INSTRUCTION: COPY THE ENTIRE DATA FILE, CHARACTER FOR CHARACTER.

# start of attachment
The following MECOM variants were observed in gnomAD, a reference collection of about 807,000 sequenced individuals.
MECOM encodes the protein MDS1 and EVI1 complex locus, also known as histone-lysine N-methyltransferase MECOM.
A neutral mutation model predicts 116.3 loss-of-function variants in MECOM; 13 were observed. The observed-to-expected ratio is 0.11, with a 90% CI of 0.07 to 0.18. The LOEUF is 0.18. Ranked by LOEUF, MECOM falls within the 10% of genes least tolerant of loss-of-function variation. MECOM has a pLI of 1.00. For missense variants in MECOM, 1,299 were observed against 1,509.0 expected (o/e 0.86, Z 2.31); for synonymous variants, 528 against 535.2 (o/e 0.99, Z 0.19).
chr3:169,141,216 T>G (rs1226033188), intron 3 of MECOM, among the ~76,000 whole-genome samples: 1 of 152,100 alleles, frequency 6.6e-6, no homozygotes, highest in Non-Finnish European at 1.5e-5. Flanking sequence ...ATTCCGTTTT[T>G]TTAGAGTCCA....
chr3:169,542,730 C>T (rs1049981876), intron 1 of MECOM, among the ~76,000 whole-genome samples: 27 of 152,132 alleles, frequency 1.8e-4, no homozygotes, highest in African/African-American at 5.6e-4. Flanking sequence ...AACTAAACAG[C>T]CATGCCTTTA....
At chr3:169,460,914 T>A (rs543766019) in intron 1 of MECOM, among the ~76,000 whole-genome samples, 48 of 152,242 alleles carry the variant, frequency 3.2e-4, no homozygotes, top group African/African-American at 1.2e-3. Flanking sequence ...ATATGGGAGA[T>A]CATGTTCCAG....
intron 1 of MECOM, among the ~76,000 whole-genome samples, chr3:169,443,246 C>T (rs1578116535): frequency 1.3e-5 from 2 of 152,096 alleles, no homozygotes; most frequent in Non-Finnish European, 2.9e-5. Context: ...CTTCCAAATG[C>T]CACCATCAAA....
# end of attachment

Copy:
The following MECOM variants were observed in gnomAD, a reference collection of about 807,000 sequenced individuals.
MECOM encodes the protein MDS1 and EVI1 complex locus, also known as histone-lysine N-methyltransferase MECOM.
A neutral mutation model predicts 116.3 loss-of-function variants in MECOM; 13 were observed. The observed-to-expected ratio is 0.11, with a 90% CI of 0.07 to 0.18. The LOEUF is 0.18. Ranked by LOEUF, MECOM falls within the 10% of genes least tolerant of loss-of-function variation. MECOM has a pLI of 1.00. For missense variants in MECOM, 1,299 were observed against 1,509.0 expected (o/e 0.86, Z 2.31); for synonymous variants, 528 against 535.2 (o/e 0.99, Z 0.19).
chr3:169,141,216 T>G (rs1226033188), intron 3 of MECOM, among the ~76,000 whole-genome samples: 1 of 152,100 alleles, frequency 6.6e-6, no homozygotes, highest in Non-Finnish European at 1.5e-5. Flanking sequence ...ATTCCGTTTT[T>G]TTAGAGTCCA....
chr3:169,542,730 C>T (rs1049981876), intron 1 of MECOM, among the ~76,000 whole-genome samples: 27 of 152,132 alleles, frequency 1.8e-4, no homozygotes, highest in African/African-American at 5.6e-4. Flanking sequence ...AACTAAACAG[C>T]CATGCCTTTA....
At chr3:169,460,914 T>A (rs543766019) in intron 1 of MECOM, among the ~76,000 whole-genome samples, 48 of 152,242 alleles carry the variant, frequency 3.2e-4, no homozygotes, top group African/African-American at 1.2e-3. Flanking sequence ...ATATGGGAGA[T>A]CATGTTCCAG....
intron 1 of MECOM, among the ~76,000 whole-genome samples, chr3:169,443,246 C>T (rs1578116535): frequency 1.3e-5 from 2 of 152,096 alleles, no homozygotes; most frequent in Non-Finnish European, 2.9e-5. Context: ...CTTCCAAATG[C>T]CACCATCAAA....